NT education suffers due to Scott Morrison's cuts
NT Budget: public school students suffer under Morrison Govt's funding cuts
AEU MEDIA RELEASE
Tuesday 7 May, 2019
Public school children in the Northern Territory have been badly affected in today’s Budget by funding cuts to public schools imposed by the Morrison Government.
In just one example, the NT Remote Aboriginal Investment – children and schooling (NTRAI) initiative, which is Commonwealth-funded, has nearly been cut in half with a massive 48.7% reduction from $56 million to just $28.7 million. NTRAI funds vital remote programs such as Families as First Teachers that complement core schooling activities.
Australian Education Union NT President Jarvis Ryan said that today’s Budget showed that the Morrison Government’s legislated cuts to public school funding in the Northern Territory over the next decade were starting to bite.
“This Budget fails to increase real funding to the neediest school sector in Australia – the NT public school system,” Mr Ryan said. “In fact, once cost growth for education is factored in, it could possibly mean a cut in real terms.”
“While the NT Government has managed to provide a modest lift in funding to public schools, this is vastly outweighed by the cuts to Commonwealth funding imposed under Scott Morrison’s school funding deal.”
“Direct Morrison Government funding of NT public schools will grow by just $3.3 million in the coming year. This is anything but fair. A Shorten-led Labor government has promised to give NT public schools four times that amount,” Mr Ryan said.
“Meanwhile, Prime Minister Scott Morrison has once again demonstrated his lack of leadership on the issue of public school funding. He has failed the fairness test by allowing expenditure growth in private schools to continue to outpace spending on public schools, despite far greater levels of need in the public system.”
“This Budget highlights the major fiscal problems facing the NT Government. It shows that, in education as in other areas, we need to see a genuine partnership between the NT and the Commonwealth to lift resourcing and close achievement gaps, especially for Aboriginal students,” Mr Ryan said.
Key features of the NT Education Budget
- Overall expenditure on public education will grow by 2.3% (by $17.9m to a total of $786m). Meanwhile, expenditure on private (non-government) education will grow by 3.4% - by $8m to a total of $243m.
- Core resourcing costs for public schools are budgeted to grow by just 1.7%, by $8.5m to a total of $518m. Meanwhile, projected inflation (CPI) growth is 1.6%, meaning there is no real growth in core expenditure. Once cost growth for education is factored in, it could possibly mean a cut in real terms.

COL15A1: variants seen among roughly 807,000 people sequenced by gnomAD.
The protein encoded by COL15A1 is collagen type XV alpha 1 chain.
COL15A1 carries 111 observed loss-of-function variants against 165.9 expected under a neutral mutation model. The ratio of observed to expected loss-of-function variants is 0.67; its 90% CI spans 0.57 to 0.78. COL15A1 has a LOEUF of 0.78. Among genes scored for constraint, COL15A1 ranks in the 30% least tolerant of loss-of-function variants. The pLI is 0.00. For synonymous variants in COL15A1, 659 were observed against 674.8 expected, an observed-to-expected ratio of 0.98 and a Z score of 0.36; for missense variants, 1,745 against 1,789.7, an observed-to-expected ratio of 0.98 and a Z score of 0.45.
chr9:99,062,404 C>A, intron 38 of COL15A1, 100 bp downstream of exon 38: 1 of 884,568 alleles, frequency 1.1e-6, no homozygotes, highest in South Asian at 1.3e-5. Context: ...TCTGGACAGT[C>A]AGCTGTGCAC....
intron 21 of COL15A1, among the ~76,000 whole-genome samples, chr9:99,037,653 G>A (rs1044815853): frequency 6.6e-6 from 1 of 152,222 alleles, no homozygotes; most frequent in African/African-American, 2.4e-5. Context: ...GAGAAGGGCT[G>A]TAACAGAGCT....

- Due to the NT Government’s Budget Repair strategy, the NT Department of Education has announced $5.7m in savings. This includes $500,000 earmarked for cuts to Katherine teacher housing subsidies.
Funding from the Commonwealth has been dramatically reduced in a number of areas:
- Commonwealth direct funding of public schools will grow by just 1.7% (by $3.3m to $196m), whereas funding of private schools will increase by 4.3% (by $7.6m to a total of $184m).
- Commonwealth grants have been cut by 29.8%.
- NT Remote Aboriginal Investment – children and schooling (NTRAI) cut in half with a massive 48.7% reduction – from $56m to $28.7m.
Mr Ryan said that at the heart of the problem with the NT education budget was that one tier of government was increasing funding while another was reducing its contribution.
“The AEU NT acknowledges that the NT Government is in a difficult fiscal position. We recognise that, in the area of education at least, the Gunner Government has shown foresight in maintaining investment in our children and, where possible, increasing funding to vital programs such as Families as First Teachers.
“However, at best this Budget will mean NT students tread water – that is because the Federal Coalition has slashed support for public schools.”
Mr Ryan said that today’s Budget showed the continuation of the Federal Coalition’s six years of attacks on public education.
“Scott Morrison has proven once and for all that his idea of a fair go means a fair go for some, not a fair go for all. He has cut billions of dollars from public schools and given billions extra to private schools,” Mr Ryan said.
“Morrison’s school funding model has left 100 per cent of public schools in the Northern Territory under the Schooling Resource Standard and without the additional funding they need for smaller class sizes, more one-on-one teaching and more support for students with disability.”
“Public school children in the NT deserve better.”
MEDIA CONTACT: NICK BUCHAN, 0418 288 104
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